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December 17, 2002

SUVs and SOBs

As most of us get set to head into a holiday week and try to forget that there's a war looming (didn't the marketing people say January or February would be a good time to roll out the new "attack" product line?), Alternet serves up a tasty little morsel on the connection between war and SUVs (especially Hummers, which seem to be selling briskly this season). Combine that with this review of High and Mighty: SUVs by Keith Bradsher, and you've got a pretty complete picture of a society run amok:

According to market research conducted by the country's leading automakers, Bradsher reports, SUV buyers tend to be "insecure and vain. They are frequently nervous about their marriages and uncomfortable about parenthood. They often lack confidence in their driving skills. Above all, they are apt to be self-centered and self-absorbed, with little interest in their neighbors and communities. They are more restless, more sybaritic, and less social than most Americans are. They tend to like fine restaurants a lot more than off-road driving, seldom go to church and have limited interest in doing volunteer work to help others."

So let's see if I've got this right: We buy SUVs because we're rich, insecure and antisocial, and also because they're status symbols that tell the world how affluent we are. Yet, these very vehicles pollute our environment more than other vehicles we might drive, thereby making us less safe. SUVs are also prone to rollovers, so there again they make us less safe. And all the gas they consume makes the U.S. more reliant than ever on foreign oil, which again makes all of us less safe because it makes us think we need to fight wars for oil. But then, in a nice little feedback loop, our wars for oil make us feel macho (or insecureóreally the same thing), so we want big, tough vehicles to show how powerful we are. Plus, the wars are big advertisements for SUVs (again, mainly Hummers), so we buy more of them, and the cycle continues. Middle-class, SUV-driving America is less safe than ever and all its efforts in this arena to address that problem are only making it worse. Nice.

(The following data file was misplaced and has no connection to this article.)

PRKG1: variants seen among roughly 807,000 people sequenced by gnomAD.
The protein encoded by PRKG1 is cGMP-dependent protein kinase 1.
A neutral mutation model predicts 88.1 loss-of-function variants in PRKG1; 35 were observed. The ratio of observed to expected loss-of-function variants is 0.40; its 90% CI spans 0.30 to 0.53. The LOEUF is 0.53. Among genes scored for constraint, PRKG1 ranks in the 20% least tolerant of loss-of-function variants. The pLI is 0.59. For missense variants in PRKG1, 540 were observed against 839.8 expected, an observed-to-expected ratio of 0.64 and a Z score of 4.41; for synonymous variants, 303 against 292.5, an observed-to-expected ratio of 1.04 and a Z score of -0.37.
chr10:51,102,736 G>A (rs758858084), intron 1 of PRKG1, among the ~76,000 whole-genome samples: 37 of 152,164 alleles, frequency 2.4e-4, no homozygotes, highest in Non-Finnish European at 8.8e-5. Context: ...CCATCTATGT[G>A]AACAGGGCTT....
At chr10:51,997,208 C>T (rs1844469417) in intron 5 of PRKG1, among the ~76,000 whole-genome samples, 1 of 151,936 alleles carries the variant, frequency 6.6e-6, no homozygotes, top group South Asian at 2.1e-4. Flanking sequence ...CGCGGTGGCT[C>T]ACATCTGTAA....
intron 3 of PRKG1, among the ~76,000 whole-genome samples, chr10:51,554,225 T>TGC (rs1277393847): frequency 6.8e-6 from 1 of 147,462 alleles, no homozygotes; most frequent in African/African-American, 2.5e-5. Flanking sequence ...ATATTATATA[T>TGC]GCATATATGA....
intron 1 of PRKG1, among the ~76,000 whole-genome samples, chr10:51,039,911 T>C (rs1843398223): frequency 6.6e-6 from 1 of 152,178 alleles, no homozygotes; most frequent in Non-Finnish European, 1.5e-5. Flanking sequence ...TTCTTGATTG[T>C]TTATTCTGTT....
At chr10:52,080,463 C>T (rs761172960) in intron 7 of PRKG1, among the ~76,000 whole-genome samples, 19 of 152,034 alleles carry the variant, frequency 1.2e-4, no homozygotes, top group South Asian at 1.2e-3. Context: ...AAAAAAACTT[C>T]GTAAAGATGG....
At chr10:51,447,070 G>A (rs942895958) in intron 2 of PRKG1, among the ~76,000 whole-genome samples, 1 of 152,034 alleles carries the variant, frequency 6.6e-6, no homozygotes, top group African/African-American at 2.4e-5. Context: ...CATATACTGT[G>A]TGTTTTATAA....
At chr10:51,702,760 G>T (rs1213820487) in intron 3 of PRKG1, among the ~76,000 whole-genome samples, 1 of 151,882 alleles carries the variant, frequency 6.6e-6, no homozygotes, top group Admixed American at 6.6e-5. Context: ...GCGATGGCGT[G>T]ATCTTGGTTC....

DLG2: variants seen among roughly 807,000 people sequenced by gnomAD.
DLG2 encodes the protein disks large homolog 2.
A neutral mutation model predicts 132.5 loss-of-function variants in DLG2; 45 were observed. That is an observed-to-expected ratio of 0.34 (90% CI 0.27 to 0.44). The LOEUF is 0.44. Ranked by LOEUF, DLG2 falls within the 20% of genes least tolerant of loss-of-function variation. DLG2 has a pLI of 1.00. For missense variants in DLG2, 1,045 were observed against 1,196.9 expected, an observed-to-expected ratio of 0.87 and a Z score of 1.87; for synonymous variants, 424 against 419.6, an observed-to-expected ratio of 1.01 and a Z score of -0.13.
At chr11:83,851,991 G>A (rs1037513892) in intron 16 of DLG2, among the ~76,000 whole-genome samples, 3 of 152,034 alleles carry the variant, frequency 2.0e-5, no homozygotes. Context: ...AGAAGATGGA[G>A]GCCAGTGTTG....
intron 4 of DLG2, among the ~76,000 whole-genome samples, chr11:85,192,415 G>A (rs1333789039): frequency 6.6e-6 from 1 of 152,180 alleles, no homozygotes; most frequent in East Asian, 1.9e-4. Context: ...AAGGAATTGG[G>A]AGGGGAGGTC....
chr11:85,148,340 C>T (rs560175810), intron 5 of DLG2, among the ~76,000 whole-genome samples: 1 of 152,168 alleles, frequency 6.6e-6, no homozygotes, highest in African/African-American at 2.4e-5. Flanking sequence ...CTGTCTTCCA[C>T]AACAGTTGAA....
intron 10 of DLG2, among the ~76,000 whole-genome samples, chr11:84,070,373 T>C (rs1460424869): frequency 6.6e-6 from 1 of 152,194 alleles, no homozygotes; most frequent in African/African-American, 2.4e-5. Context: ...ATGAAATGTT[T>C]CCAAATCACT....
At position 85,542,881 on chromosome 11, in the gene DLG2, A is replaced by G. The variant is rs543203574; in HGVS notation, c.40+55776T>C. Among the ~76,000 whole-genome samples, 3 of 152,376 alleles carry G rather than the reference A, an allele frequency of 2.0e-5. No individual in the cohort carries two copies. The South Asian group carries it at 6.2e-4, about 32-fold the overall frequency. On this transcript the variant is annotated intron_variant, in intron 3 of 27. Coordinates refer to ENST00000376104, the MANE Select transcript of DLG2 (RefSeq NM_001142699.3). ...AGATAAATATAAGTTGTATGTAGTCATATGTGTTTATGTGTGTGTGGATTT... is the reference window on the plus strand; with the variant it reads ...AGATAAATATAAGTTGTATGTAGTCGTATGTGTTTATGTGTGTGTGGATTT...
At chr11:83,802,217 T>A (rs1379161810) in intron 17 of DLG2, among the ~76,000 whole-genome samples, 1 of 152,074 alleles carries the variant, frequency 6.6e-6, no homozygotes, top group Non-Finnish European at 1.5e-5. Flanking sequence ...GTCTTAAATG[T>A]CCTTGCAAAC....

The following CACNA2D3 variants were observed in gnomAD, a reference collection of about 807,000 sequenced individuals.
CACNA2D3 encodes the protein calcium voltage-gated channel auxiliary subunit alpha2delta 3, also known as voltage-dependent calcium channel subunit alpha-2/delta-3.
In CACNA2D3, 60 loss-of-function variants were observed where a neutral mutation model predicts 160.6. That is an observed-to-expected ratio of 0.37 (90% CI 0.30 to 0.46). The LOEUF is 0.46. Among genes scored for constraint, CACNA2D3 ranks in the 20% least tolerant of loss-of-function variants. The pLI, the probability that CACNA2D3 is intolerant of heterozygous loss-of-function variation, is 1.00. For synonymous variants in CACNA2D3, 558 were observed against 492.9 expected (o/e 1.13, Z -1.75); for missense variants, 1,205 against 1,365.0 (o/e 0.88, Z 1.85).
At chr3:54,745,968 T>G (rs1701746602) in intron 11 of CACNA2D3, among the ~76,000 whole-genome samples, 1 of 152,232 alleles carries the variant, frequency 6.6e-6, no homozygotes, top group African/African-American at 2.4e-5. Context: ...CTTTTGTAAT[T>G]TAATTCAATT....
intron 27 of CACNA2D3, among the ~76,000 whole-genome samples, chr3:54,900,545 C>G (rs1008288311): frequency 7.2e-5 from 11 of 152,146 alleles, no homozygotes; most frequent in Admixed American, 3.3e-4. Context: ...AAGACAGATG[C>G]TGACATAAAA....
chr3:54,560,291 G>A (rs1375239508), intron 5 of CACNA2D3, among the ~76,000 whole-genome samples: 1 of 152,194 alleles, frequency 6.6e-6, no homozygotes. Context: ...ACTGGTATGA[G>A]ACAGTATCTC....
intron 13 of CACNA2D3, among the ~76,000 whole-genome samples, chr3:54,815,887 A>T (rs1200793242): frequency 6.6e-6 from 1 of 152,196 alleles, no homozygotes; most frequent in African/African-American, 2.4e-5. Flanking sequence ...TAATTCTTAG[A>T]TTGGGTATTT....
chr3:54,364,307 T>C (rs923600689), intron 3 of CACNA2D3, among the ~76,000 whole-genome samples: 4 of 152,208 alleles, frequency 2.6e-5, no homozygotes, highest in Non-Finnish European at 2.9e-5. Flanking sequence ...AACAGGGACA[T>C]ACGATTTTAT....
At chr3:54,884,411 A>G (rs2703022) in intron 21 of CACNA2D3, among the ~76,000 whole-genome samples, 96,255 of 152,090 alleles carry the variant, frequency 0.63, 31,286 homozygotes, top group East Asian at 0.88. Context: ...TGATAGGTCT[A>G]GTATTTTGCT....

Sort of reminds me of Michael Moore's thesis about American fear in "Bowling for Columbine." To simplify, Moore argues that white, middle-class fear has driven our nation's violent history from the beginning (from colonial times, through slavery, into our modern urban/suburban divides), and is now a major factor behind gun violence in the U.S. If he's right, then white, middle-class people are buying lots of guns and lots of SUVs because they're deathly afraid of.... something. Perhaps one thing they're afraid of is losing all the material wealth and "security" they've "earned" because somewhere in the back of their minds they know that their privileges come at the expense of other people's suffering. Perhaps they're reminded of this when they drive by the dozen or so homeless people huddled against the buildings as they cruise downtown in their SUVs to buy another gun. You think? Nah...

Posted December 17, 2002 07:20 PM | general politics


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